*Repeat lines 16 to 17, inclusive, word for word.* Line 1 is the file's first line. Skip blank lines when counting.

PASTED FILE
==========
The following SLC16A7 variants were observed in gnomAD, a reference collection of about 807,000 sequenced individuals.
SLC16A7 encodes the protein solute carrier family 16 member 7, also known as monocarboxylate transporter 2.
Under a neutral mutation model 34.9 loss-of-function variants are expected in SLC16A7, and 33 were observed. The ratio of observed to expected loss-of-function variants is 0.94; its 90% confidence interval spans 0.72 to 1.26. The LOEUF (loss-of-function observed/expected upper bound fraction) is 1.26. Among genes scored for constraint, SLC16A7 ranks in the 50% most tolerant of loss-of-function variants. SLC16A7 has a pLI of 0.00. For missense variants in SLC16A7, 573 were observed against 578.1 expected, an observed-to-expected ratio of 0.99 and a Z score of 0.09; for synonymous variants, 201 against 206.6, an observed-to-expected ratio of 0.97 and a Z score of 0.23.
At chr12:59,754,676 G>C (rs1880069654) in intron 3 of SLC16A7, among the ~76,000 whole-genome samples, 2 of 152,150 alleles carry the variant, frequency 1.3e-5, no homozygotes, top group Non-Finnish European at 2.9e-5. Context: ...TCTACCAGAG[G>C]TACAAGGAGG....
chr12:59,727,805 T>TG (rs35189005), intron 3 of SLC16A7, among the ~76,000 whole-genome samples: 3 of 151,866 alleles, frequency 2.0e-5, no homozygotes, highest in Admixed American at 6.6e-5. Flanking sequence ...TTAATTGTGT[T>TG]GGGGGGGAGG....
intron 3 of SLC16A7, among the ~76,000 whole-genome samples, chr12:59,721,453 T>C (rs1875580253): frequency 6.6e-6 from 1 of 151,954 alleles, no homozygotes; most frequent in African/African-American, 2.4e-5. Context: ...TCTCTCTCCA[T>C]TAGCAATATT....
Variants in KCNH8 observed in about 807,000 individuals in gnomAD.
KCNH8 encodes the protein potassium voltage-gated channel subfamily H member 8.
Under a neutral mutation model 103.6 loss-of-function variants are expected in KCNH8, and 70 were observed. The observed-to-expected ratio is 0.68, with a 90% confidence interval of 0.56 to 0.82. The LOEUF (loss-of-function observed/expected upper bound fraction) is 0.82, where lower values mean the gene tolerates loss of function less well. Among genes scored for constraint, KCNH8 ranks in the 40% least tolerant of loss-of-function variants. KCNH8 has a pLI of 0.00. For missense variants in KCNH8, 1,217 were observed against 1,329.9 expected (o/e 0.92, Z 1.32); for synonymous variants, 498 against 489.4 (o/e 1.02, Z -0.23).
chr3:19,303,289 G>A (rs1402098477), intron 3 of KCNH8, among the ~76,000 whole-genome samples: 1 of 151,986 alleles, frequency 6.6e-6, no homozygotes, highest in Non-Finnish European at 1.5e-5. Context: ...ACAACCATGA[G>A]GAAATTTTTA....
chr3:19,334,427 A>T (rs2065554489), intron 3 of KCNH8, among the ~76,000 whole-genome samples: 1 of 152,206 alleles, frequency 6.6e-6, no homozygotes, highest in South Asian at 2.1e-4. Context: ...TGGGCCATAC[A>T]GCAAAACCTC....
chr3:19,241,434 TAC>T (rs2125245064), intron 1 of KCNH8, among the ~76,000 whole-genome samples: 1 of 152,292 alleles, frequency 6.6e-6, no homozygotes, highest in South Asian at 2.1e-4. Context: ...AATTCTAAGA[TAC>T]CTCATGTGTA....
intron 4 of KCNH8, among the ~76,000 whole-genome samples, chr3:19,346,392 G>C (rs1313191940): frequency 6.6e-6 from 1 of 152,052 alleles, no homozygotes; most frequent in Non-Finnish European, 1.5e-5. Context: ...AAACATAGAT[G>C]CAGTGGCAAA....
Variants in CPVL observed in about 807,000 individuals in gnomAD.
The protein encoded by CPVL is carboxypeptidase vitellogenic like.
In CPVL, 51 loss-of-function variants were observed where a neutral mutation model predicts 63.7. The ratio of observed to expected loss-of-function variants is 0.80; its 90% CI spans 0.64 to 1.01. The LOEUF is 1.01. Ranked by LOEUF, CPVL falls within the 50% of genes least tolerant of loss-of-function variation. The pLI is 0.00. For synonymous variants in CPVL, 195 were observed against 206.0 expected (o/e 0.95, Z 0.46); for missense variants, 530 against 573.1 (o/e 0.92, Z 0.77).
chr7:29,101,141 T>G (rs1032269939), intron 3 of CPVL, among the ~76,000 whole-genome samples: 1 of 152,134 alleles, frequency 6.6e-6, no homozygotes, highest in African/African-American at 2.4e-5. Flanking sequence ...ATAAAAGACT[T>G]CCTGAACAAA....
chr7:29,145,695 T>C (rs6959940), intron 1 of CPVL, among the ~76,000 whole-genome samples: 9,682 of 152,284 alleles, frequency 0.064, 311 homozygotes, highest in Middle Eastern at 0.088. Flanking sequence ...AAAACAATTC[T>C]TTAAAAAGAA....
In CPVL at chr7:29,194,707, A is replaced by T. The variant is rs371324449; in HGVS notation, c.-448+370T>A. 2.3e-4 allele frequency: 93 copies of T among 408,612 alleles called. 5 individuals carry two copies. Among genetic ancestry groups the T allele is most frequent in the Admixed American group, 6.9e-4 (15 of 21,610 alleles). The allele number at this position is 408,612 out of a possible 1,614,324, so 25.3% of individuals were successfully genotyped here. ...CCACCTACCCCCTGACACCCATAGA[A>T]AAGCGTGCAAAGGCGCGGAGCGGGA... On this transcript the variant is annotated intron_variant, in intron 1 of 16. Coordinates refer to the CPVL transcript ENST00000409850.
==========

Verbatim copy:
In CPVL, 51 loss-of-function variants were observed where a neutral mutation model predicts 63.7. The ratio of observed to expected loss-of-function variants is 0.80; its 90% CI spans 0.64 to 1.01. The LOEUF is 1.01. Ranked by LOEUF, CPVL falls within the 50% of genes least tolerant of loss-of-function variation. The pLI is 0.00. For synonymous variants in CPVL, 195 were observed against 206.0 expected (o/e 0.95, Z 0.46); for missense variants, 530 against 573.1 (o/e 0.92, Z 0.77).
chr7:29,101,141 T>G (rs1032269939), intron 3 of CPVL, among the ~76,000 whole-genome samples: 1 of 152,134 alleles, frequency 6.6e-6, no homozygotes, highest in African/African-American at 2.4e-5. Flanking sequence ...ATAAAAGACT[T>G]CCTGAACAAA....